2.     Combine All Bran with coconut, almond meal, yoghurt, cranberries and vanilla. Refrigerate for at least 30 mins.

3.     Combine remaining coconut with chia seeds. Roll tablespoonfuls of mixture into balls and drop into 
         chia seed and coconut mix.

4.     Refrigerate for at least 30 mins before serving.

Note: Makes ~45 balls. Keep refrigerated.

Sunday, 3 November 2013

Small changes that can add up to a big difference to your weight!

Trying to lose weight isn't easy. There's no quick fix. It will be hard and it will take time.

Trying to tackle the issue of weight loss is hard enough without having to make lots of big changes all at once to your diet and lifestyle. No wonder so many people fall off the band wagon! You are much more likely to stick to your goals if they are:

               SMART (specific, measurable, acheivable, realistic and time-based)

Start with small changes and you will find them a lot easier to stick to and rewarding when you can actually acheive them!

I've put together a list of mini goals to help you get started on some of the weight loss basics. These are small changes that can add up to a big difference to your weight...

Reduce your portion sizes
  • Use a smaller plate or try not to make the meal spill out onto the rim of the plate
  • At dinner-time, fill half your plate with vegetables or salad first, before adding the rest of the meal  - this will automatically reduce your meat and carbohydrate portions while still satisfying you with the same volume of food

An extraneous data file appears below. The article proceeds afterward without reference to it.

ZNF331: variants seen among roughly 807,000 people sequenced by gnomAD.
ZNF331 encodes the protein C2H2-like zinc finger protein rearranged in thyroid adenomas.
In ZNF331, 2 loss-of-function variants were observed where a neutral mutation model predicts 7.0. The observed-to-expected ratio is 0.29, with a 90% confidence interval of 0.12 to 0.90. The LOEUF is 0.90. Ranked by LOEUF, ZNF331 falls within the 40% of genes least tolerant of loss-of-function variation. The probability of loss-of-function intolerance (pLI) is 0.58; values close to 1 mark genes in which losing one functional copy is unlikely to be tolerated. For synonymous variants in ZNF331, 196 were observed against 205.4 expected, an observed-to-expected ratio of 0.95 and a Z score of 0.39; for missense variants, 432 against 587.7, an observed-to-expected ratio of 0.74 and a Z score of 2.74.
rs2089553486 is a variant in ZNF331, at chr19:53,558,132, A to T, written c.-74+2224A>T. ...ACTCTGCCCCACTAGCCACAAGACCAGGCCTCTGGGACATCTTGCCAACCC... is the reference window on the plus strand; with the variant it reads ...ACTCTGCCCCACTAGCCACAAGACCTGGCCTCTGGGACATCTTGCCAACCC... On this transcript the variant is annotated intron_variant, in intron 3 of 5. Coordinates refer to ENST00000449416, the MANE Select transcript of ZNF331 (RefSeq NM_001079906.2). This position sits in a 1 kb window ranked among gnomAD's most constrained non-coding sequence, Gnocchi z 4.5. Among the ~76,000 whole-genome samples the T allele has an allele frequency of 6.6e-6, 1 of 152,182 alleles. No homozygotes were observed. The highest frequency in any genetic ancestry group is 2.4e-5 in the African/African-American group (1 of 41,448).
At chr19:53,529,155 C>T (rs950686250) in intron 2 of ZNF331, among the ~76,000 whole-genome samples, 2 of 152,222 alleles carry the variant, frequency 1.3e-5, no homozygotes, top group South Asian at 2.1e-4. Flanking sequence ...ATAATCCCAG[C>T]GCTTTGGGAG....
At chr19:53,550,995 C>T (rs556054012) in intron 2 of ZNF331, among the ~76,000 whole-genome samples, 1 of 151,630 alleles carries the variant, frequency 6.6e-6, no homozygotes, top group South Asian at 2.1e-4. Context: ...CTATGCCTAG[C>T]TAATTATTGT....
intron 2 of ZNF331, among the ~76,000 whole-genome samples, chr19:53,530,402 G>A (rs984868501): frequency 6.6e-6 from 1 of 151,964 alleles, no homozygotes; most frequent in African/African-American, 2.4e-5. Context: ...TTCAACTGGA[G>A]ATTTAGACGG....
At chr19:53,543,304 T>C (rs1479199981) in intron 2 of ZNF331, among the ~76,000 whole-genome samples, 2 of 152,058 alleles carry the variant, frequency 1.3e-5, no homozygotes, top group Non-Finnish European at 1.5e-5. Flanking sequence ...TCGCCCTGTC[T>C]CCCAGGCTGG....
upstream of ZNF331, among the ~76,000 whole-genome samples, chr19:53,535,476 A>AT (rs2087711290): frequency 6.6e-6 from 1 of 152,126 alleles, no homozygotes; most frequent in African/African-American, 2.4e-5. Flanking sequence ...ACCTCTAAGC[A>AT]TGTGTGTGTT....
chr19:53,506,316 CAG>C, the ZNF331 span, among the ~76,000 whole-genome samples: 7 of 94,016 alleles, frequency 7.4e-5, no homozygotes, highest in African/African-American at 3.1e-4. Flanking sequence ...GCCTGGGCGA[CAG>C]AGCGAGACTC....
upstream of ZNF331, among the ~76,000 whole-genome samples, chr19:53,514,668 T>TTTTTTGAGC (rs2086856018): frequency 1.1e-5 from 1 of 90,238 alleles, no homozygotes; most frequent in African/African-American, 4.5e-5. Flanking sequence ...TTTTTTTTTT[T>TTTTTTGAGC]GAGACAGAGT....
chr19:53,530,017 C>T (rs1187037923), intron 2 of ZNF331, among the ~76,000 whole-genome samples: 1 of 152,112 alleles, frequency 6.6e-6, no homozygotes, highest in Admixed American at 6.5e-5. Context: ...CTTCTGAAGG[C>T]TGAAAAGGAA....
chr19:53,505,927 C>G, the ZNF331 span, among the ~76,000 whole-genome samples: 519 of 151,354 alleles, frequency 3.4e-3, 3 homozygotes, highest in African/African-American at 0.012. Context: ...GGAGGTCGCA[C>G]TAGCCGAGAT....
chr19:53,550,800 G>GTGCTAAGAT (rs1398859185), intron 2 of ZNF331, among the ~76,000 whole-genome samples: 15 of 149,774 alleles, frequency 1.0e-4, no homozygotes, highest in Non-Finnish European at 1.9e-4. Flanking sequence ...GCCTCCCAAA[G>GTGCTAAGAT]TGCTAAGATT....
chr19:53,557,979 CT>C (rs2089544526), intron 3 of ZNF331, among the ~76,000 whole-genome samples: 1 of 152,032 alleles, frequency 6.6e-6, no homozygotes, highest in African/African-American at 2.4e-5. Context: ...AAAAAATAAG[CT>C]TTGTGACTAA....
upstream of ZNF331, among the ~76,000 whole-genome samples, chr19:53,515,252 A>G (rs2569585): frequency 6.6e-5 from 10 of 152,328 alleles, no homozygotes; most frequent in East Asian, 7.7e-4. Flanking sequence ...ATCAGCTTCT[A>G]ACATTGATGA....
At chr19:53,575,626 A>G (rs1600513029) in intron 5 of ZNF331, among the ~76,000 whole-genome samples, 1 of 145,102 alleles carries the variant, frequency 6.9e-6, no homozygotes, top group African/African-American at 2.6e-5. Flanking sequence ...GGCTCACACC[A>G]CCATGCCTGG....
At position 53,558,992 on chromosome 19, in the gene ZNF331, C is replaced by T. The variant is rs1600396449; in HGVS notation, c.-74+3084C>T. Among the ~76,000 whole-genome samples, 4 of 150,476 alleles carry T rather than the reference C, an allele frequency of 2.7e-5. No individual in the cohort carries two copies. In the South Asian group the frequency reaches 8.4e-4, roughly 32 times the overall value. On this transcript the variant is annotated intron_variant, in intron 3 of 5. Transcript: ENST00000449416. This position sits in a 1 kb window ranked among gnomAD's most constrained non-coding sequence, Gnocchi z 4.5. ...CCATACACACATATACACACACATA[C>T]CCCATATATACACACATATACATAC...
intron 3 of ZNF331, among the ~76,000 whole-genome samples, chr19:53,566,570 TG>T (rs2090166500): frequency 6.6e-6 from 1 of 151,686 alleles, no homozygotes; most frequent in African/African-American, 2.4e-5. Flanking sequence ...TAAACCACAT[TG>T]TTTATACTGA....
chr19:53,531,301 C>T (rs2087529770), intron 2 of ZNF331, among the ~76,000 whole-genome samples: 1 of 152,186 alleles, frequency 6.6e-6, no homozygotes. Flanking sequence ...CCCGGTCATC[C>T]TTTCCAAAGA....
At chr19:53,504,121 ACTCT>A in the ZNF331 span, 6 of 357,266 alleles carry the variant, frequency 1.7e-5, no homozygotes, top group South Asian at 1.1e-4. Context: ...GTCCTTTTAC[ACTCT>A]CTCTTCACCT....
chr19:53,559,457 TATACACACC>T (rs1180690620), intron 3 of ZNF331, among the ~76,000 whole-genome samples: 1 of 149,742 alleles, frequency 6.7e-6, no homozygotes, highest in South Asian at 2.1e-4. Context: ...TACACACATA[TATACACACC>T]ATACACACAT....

• Serve out meals in the kitchen and pack leftovers away in a container in the fridge before you eat, to make it more difficult to go back for seconds
  • Opt to downsize rather than upsize when ordering out: go for a small cappuccino or juice instead of a regular; skip the meal deals and you'll avoid the extra kilojoules in the softdrink and fries
  • When eating out, ask the waiter to 'doggy-bag' what you don't eat (this way you won't feel like you have to finish it in the restaurant) 

Don't miss out on all you enjoy: everything in moderation
  • When eating out, share an entree or dessert
  • Don't be afraid to ask for sauces or dressings on the side
  • Practice mindful eating: when you have a craving for something unhealthy, such as chips or chocolate or softdrink, wait 10 minutes and if you still want it, take a small portion (such as 2 squares of chocolate) and make a point of eating if very slowly, and actually savour and enjoy it. You'll find you are satisfied even after that small amount
Reduce the amount of takeaway and fast food you eat